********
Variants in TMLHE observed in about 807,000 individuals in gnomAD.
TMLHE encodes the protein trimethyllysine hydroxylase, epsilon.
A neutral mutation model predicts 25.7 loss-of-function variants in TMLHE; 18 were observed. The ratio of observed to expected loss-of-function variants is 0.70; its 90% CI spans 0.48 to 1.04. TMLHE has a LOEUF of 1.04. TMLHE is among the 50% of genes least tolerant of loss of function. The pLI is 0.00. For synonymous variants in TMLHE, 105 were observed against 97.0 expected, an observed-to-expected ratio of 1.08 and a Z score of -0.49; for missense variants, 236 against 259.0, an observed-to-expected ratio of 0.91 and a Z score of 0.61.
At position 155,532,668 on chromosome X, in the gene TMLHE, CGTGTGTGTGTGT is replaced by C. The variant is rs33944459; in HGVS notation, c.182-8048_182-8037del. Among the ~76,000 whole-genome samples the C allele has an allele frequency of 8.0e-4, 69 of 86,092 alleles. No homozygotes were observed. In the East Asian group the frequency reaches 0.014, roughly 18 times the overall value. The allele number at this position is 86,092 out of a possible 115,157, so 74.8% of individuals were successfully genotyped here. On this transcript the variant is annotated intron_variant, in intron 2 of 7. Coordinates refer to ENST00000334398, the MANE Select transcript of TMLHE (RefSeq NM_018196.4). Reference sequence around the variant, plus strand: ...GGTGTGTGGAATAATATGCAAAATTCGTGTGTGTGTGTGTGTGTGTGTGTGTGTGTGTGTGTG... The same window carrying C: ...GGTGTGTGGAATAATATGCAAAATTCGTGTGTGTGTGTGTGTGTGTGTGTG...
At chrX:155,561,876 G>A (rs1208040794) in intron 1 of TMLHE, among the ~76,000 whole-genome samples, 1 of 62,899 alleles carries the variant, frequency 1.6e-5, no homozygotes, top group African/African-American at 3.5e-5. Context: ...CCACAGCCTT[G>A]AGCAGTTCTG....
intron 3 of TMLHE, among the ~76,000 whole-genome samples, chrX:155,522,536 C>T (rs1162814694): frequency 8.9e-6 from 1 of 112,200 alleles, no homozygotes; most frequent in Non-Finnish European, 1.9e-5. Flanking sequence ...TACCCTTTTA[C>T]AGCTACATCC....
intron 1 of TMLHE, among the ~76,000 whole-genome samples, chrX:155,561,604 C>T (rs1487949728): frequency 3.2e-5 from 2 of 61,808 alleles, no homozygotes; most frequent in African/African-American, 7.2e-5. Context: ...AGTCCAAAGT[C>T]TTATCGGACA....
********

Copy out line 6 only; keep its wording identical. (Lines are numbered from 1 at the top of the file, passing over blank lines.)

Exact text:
intron 3 of TMLHE, among the ~76,000 whole-genome samples, chrX:155,522,536 C>T (rs1162814694): frequency 8.9e-6 from 1 of 112,200 alleles, no homozygotes; most frequent in Non-Finnish European, 1.9e-5. Flanking sequence ...TACCCTTTTA[C>T]AGCTACATCC....